For those who think that subliminal forms of communication are dead, think again. It’s alive and well, it may not be overtly, but surreptitiously in the form of product placements and branded entertainment. Even a casual look at current film or television content broadly shows a variety of product placements, some very subtle and others clearly crossing the line between advertising and factual media content to sell products, ideas, and services. Why is it subliminal? Because … our brain filters that normally remove open advertising messages from media programming, do not intervene to block these covertly placed product placements and their embedded meanings and messages. It simply registers in the consumer’s subconscious.
Both television and movies are full of examples. Did anyone miss the glass of Coke at the judges’ tables on the American Idol TV show? I do not believe it. The new James Bond movie, CasinoRoyale, includes more than its share in product placements, from cars (Ford) to branded airlines (Virgin Airways). It’s even more interesting how the concept of product placement has been expanded in this movie. There is a person location! A person who is subliminally associated with Virgin Airways. This is none other than Virgin president Richard Branson, a brand icon, himself. If you look closely at the particular scene set at the Miami airport, there is Virgin Chairman Sir Richard Branson on the security check line, followed a few seconds later by the landing of a Virgin plane. Coincident, you say. Not according to the sources. CasinoRoyale producer Barbara Brocolli struck a deal with Virgin that included a plane for the airport scene, with the jet and crew for more than three days of filming. In return, along with some promotional ties to CasinoRoyale, the producers offered to include Branson and his son in the film for fun as a thank you. The cost to Virgin for the placement of this unpaid product: a few hundred thousand pounds!
Marketers are increasingly using product placement techniques to reach consumers, as new technology and an ever-expanding range of media options make conventional advertising a less feasible way to promote brands and ideas. Whether on television or in movies, product placements can be used to reach a mass audience or as part of personalized campaigns targeting specific audiences. While critics may blame product placement marketing for blurring the line between reality and media content, the real world of product placement marketing, both paid and unpaid, is thriving. According to a 2005 report by PQ Media, global paid product placement spending (this obviously does not include all unpaid product placement costs, the figures for which are not so readily available) stood at $ 2.2 billion, and product placements in the United States accounted for more than two-thirds or about $ 1.5 billion. Not surprisingly, the PQ Media report projects that these figures will grow significantly worldwide to around $ 7.5 billion by 2010, again with the United States leading the way.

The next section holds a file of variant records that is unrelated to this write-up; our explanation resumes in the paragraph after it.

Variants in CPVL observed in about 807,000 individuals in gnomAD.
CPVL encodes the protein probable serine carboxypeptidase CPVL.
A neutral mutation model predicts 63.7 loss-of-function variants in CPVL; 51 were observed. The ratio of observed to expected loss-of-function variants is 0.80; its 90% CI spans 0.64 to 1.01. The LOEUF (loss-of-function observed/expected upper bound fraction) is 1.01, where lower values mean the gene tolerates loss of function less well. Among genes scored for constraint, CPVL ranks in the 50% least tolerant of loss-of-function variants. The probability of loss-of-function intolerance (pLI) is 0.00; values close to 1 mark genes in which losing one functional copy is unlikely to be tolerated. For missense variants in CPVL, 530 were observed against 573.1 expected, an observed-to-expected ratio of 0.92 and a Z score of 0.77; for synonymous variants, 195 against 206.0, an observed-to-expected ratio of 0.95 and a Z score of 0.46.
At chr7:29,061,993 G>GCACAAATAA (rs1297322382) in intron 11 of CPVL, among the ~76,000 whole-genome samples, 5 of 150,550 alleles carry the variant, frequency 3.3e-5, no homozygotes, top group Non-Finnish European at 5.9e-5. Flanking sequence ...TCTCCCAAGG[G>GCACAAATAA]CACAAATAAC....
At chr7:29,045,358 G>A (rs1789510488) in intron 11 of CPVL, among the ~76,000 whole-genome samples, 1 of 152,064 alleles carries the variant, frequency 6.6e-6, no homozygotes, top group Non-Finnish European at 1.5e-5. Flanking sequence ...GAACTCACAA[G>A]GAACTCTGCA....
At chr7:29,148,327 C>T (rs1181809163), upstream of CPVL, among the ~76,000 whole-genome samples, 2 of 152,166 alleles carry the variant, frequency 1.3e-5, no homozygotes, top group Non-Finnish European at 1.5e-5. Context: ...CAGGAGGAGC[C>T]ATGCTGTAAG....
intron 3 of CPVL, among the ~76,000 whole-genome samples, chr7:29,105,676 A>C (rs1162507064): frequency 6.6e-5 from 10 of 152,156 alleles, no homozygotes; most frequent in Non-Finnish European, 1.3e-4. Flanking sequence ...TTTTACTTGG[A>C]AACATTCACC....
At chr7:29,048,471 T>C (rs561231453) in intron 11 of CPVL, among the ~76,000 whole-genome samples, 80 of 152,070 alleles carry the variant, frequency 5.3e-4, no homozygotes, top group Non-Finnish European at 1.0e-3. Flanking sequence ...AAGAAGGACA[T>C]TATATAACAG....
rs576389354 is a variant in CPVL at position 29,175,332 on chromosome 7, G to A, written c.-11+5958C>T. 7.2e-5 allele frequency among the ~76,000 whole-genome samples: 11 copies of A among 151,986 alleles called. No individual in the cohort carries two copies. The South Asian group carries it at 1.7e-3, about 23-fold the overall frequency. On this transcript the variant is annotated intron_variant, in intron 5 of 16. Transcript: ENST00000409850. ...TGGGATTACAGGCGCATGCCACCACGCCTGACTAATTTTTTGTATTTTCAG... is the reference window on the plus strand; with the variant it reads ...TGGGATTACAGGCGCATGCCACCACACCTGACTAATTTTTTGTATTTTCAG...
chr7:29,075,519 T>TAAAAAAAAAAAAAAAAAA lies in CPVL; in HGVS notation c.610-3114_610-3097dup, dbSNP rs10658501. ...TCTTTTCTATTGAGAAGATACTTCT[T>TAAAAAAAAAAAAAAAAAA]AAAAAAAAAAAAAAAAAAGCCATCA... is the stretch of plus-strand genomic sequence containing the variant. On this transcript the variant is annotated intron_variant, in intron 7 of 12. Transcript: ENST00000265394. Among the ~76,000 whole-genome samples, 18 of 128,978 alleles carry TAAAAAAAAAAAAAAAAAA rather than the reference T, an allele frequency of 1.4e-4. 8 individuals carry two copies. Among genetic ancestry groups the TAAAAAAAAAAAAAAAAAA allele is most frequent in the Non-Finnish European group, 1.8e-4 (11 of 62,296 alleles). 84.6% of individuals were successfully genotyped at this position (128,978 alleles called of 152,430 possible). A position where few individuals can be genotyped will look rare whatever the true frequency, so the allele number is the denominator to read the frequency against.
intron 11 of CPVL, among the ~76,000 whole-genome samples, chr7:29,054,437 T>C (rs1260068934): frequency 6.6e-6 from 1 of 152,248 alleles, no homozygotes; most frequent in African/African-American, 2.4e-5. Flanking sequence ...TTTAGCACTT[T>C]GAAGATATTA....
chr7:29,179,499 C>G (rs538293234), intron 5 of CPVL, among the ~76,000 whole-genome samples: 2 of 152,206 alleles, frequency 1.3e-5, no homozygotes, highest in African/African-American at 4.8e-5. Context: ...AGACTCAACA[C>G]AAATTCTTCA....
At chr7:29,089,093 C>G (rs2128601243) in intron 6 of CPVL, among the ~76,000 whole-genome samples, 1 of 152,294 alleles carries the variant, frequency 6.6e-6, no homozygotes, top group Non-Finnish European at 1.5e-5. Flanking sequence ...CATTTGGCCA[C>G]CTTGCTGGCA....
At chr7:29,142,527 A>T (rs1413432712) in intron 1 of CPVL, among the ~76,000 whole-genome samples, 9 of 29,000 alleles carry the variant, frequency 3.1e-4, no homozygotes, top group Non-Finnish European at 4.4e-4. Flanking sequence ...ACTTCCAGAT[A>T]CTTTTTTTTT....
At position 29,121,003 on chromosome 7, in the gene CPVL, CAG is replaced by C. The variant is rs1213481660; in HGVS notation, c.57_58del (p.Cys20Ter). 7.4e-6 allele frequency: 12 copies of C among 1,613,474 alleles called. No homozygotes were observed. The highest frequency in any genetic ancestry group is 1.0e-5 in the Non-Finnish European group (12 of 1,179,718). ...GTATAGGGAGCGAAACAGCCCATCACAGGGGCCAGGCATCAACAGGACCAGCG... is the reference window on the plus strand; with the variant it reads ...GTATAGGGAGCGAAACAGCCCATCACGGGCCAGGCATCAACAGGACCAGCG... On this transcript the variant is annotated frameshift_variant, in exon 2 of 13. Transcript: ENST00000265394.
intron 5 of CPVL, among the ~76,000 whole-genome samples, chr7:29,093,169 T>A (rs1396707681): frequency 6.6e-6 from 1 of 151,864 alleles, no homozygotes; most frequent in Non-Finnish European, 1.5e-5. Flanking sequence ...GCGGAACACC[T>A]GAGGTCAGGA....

In fast emerging markets, especially India and China, the use of product placement and brand entertainment has exploded. The same PQ Media Report lists India’s overall product placement spending as fifth in the global product placement ranking and predicts strong growth to match the US over the next three to four years. The influx of product placement in India has been so phenomenal that Bollywood has embraced the role of branded entertainment and set out to finalize large financial deals for marketing ties with major product marketers like Reebok, Sony, etc. For example, in an upcoming Bollywood movie, Goal, the creator of the show will have the brand actively involved in the look of the movie, a Reebok infomercial, where the stars, John Abraham and others will wear Reebok shoes and clothing, will wear sports gear and curtains, and practically allow Reebok to influence the feel and look of the film.
How do the strategic investments in branded products or entertainment at Hollywood’s CasinoRoyale and Bollywood’s Goal help Virgin Airways and the Reebok brand, respectively? Do the location of the person (Branson) and the location of the brand (Virgin) help an air traveler’s higher propensity to book their ticket next time on Virgin Airways? Does the use of John Abraham’s Reebok brand increase Reebok sales in India? Or for that matter, of any main character on any TV show who drinks and enjoys Starbucks coffee, will this result in a noticeable increase in Starbucks sipping consumers? It should, according to marketers, because Branson’s fleeting appearance helped create a subliminal partnership with Virgin and its entrepreneurial airlines and an opportunity for ‘people’ to talk about it … the exact reason Virgin lent their resources to Brocolli first. . And in the case of the Indian film Goal, Reebok’s strong association with football is supposed to rub off in the film and that viewers will line up at Reebok stores in India.
While subtle placement of product placements can be an approach, the end goal is undoubtedly to create a perception among viewers that will help increase the bottom line of the product. It is this end that drives product placement and brand entertainment – the need to increase brand awareness and opinion from simple brand awareness. If in the process, one needs subliminal tactics, the gurus of product placement and branding entertainment have a full arsenal at their disposal that they can use.